Faux progressive condemnation of Israel, Dershowitz notes, arises largely because “there is no subject today in the world which has more distortion, more lies, more dissembling, than discussion about Israel.”  Hate Spaces shows women from Israel’s Arab minority joining Israel’s parliament and winning the Miss Israel beauty contest, belying a sign in the film condemning Israel as the “Fourth Reich.  During speaking engagements, Dershowitz challenges listeners “to name a single country in the history of the world faced with threats comparable to those threats faced by Israel both internal and external that have had a better record of human rights.”

Israeli-American political commentator Caroline Glick discusses the “pathology of anti-Westernism.”  Various commentators in the film note that leftists quick to condemn Israel and the wider Western world often have little concern for the human rights of black slaves, women, or homosexuals in Muslim-majority countries.  “A lot of intellectuals are playing out this sort of colonial guilt thing…by sacrificing Israel to what is in fact the most ferocious imperialist, colonialist force.  Islam is a colonialist, imperialist enterprise,” historian Richard Landes states.

Film segments such as “Privileged Hatred” examine double standards concerning Israel in academia, as political commentator Melanie Phillips notes on C-Span that “those promoting free speech have ended up banning speech across our campuses.”  Glick explains that “if you are part of the oppressor group, than obviously your victim has the moral right to do to you whatever he deems fit because as a victim he essentially cannot be judged.”   Therefore anti-Israel student protesters reject appeals to evenhandedness with “what’s the other side to Hitler… any support of Israel is hate speech…allowing free speech is allowing free speech to the rich and powerful.”  “This event is shutdown,” screams one student disrupter of a pro-Israel event, who slanders that Israel and its supporters “have turned Palestine into a land of prostitutes, rapists, and child molesters.”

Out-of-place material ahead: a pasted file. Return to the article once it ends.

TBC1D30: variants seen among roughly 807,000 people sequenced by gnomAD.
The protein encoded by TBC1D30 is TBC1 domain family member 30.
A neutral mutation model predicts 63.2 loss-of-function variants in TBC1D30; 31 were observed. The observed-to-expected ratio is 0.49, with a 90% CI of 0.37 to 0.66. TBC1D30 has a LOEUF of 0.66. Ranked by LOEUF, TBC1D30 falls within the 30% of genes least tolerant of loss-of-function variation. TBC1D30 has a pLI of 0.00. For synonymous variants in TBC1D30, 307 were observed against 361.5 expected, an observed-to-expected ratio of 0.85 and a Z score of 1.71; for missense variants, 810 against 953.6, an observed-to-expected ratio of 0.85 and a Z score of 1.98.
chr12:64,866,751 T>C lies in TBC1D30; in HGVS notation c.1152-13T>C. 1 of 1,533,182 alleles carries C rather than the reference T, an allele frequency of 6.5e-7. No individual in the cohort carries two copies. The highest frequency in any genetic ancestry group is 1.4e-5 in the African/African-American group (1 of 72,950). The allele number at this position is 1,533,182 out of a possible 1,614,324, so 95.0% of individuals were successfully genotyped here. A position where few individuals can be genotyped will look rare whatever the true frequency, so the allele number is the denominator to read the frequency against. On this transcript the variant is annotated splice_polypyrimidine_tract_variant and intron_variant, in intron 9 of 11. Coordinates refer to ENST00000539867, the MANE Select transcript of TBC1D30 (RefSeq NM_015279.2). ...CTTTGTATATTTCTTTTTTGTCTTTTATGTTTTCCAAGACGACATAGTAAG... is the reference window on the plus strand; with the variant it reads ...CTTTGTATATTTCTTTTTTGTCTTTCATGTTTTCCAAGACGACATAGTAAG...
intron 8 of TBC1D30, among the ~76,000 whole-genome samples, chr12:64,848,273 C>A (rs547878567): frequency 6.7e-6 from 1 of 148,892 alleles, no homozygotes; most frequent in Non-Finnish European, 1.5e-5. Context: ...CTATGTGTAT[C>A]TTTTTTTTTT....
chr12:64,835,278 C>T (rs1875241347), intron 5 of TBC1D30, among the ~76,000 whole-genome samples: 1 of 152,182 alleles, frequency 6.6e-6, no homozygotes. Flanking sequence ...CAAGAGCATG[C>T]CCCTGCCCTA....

Hate Spaces segments “Tenured Hatred” and “Schools of Ideology” explore Israel’s pariah status in American faculty lounges.  While Qatar, Saudi Arabia, and the United Arab Emirates contributed over $1 billion to American universities in the years 2009-2015, “for at least 50 years the faculty of most universities has been besotted by the philosophy of tyrants,” Stephens notes.  The film demonstrates the results of such factors with leftist icon Noam Chomsky absurdly pontificating that the “policies of Hamas are more forthcoming and more conducive to a peaceful settlement than those of the United States or Israel.”

Against Israel’s fanatical foes in the Ivory Tower, Glick issues a clear clarion call, stating that “you can’t cohabitate a university campus with these people because they aren’t there to coexist with you; they are there to destroy you.”  Accordingly, “if you are not willing to fight fire with fire and go after them as the hate groups that they are, then you are going to lose your voice on college campuses.”  Knowing the enemy is essential to victory, Chinese military theorist Sun Tzu once recognized, and a good place to start with defeating Israel’s campus enemies is watching Hate Spaces.

Andrew Harrod is a freelance researcher and writer who holds a PhD from the Fletcher School of Law and Diplomacy and a JD from George Washington University Law School. He is a fellow with the Lawfare Project, an organization combating the misuse of human rights law against Western societies. You may follow Harrod on twitter at @AEHarrod.